Computer Vision Syndrome: Things to Know

Posted on Tuesday, April 21st, 2015 by Dr. Thomas Marvelli

Computer Vision Syndrome

Many of us spend most of the day in front of a computer monitor, working hard at our daily jobs while enjoying all the capabilities that technology allows us to accomplish directly from our desks. After a couple of hours staring at a monitor it is common to experience eye irritation, blurred vision, and even itching and redness.  All of these symptoms can be signs of Computer Vision Syndrome or CVS. 

Signs and Symptoms

An estimated 10 million people will see an eye doctor this year due to Computer Vision Syndrome. In addition to eye irritation, itching, redness, and blurred vision individuals also report experiencing neck and back aches along with muscle fatigue. These signs and symptoms are all associated with Computer Vision Syndrome. While irritating and uncomfortable, CVS will not cause permanent damage to the eyes; however, this condition can affect your comfort and performance at work or home. People that spend more than two hours in front of the computer each day are 90 percent more likely to develop CVS.

Treatment and Prevention of CVS

An estimated 71 percent of people that suffer from CVS wear some sort of prescription contacts or glasses and are also more likely to suffer from muscle fatigue, back or neck pain. Your eye doctor may recommend wearing special glasses while using the computer or to tweak your prescription. Your doctor may also prescribe special eye drops that are made specifically for contacts. Adjusting the lighting in your work space may also make it easier to manage CVS. Excess light can worsen eye strain, so individuals can eliminate outside light with curtains or using fewer light bulbs. Using proper lighting will help reduce eye strain.

If you are experiencing dry eyes, talk to your eye doctor about using artificial tears or eye drops to reduce the discomfort. Taking frequent breaks while working will also help manage CVS and will help prevent neck and back strain. As a bonus, studies have shown that workers who take frequent breaks are often more productive than those who take fewer breaks throughout the day. If you are unable to take frequent breaks, looking away from the computer every 20 minutes for at least 20 seconds will help prevent eye fatigue by relaxing the muscles of the eye.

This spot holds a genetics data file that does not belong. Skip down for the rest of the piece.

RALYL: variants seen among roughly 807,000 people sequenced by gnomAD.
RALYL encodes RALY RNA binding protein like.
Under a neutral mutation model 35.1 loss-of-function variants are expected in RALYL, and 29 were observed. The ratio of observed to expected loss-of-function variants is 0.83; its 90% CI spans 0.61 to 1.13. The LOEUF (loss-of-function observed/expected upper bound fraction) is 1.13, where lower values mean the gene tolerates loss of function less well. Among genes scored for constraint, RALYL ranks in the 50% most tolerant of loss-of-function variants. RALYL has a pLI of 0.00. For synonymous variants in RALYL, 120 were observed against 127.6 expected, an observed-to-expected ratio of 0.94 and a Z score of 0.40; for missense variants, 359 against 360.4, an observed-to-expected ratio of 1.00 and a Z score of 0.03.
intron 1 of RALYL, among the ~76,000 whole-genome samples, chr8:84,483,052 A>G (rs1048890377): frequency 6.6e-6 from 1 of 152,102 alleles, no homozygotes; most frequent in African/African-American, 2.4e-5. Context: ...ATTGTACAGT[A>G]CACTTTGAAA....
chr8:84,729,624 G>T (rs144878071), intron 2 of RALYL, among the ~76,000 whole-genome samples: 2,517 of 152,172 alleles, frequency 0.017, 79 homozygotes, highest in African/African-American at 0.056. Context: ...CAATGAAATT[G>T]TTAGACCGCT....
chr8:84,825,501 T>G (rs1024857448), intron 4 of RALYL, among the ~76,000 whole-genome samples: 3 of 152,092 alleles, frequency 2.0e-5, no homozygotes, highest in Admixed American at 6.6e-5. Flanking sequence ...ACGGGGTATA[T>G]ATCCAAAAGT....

For many individuals that work at computers for the majority of their day, Computer Vision Syndrome can generate discomfort and vision problems if not treated. Begin with subtle adjustments throughout your work day if you suffer from any of the CVS symptoms. Taking breaks, looking away from the screen and improving work space lighting can help reduce many of the symptoms of CVS. If you continue to experience CVS symptoms, contact your eye doctor to find out if there are any other alternatives to deal with more serious symptoms such as eye fatigue, dryness and irritation.

If you’re experiencing any signs or symptoms of CVS, contact us today for an appointment! Dr. Marvelli is one of the most most trusted eye doctors in the greater Fort Worth area.

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